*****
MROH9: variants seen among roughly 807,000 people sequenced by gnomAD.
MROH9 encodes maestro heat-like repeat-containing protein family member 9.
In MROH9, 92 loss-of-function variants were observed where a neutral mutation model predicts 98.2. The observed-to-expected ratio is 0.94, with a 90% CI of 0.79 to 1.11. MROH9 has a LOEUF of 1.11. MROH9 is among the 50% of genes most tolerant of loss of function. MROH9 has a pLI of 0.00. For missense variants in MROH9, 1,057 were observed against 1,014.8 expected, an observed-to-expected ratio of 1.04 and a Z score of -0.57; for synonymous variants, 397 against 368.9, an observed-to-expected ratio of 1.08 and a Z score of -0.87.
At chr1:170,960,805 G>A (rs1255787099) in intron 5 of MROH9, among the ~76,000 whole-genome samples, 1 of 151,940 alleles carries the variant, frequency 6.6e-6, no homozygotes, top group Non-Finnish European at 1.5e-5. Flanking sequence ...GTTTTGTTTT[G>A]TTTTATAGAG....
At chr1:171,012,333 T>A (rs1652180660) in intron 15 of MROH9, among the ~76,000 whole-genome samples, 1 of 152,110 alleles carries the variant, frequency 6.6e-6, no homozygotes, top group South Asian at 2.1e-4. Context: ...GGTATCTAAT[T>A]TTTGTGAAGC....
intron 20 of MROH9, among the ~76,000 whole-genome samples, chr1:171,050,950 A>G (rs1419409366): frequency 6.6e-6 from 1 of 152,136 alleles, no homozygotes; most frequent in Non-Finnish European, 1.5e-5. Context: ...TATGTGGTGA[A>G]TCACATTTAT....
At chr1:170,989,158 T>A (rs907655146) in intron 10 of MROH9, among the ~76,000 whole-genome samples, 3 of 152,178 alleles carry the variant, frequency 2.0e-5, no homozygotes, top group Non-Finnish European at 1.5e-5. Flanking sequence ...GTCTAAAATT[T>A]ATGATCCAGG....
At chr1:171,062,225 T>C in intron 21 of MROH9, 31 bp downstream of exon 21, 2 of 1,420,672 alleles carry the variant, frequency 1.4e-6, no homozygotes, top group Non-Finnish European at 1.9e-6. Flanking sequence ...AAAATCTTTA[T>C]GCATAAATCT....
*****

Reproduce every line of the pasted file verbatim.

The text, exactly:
MROH9: variants seen among roughly 807,000 people sequenced by gnomAD.
MROH9 encodes maestro heat-like repeat-containing protein family member 9.
In MROH9, 92 loss-of-function variants were observed where a neutral mutation model predicts 98.2. The observed-to-expected ratio is 0.94, with a 90% CI of 0.79 to 1.11. MROH9 has a LOEUF of 1.11. MROH9 is among the 50% of genes most tolerant of loss of function. MROH9 has a pLI of 0.00. For missense variants in MROH9, 1,057 were observed against 1,014.8 expected, an observed-to-expected ratio of 1.04 and a Z score of -0.57; for synonymous variants, 397 against 368.9, an observed-to-expected ratio of 1.08 and a Z score of -0.87.
At chr1:170,960,805 G>A (rs1255787099) in intron 5 of MROH9, among the ~76,000 whole-genome samples, 1 of 151,940 alleles carries the variant, frequency 6.6e-6, no homozygotes, top group Non-Finnish European at 1.5e-5. Flanking sequence ...GTTTTGTTTT[G>A]TTTTATAGAG....
At chr1:171,012,333 T>A (rs1652180660) in intron 15 of MROH9, among the ~76,000 whole-genome samples, 1 of 152,110 alleles carries the variant, frequency 6.6e-6, no homozygotes, top group South Asian at 2.1e-4. Context: ...GGTATCTAAT[T>A]TTTGTGAAGC....
intron 20 of MROH9, among the ~76,000 whole-genome samples, chr1:171,050,950 A>G (rs1419409366): frequency 6.6e-6 from 1 of 152,136 alleles, no homozygotes; most frequent in Non-Finnish European, 1.5e-5. Context: ...TATGTGGTGA[A>G]TCACATTTAT....
At chr1:170,989,158 T>A (rs907655146) in intron 10 of MROH9, among the ~76,000 whole-genome samples, 3 of 152,178 alleles carry the variant, frequency 2.0e-5, no homozygotes, top group Non-Finnish European at 1.5e-5. Flanking sequence ...GTCTAAAATT[T>A]ATGATCCAGG....
At chr1:171,062,225 T>C in intron 21 of MROH9, 31 bp downstream of exon 21, 2 of 1,420,672 alleles carry the variant, frequency 1.4e-6, no homozygotes, top group Non-Finnish European at 1.9e-6. Flanking sequence ...AAAATCTTTA[T>C]GCATAAATCT....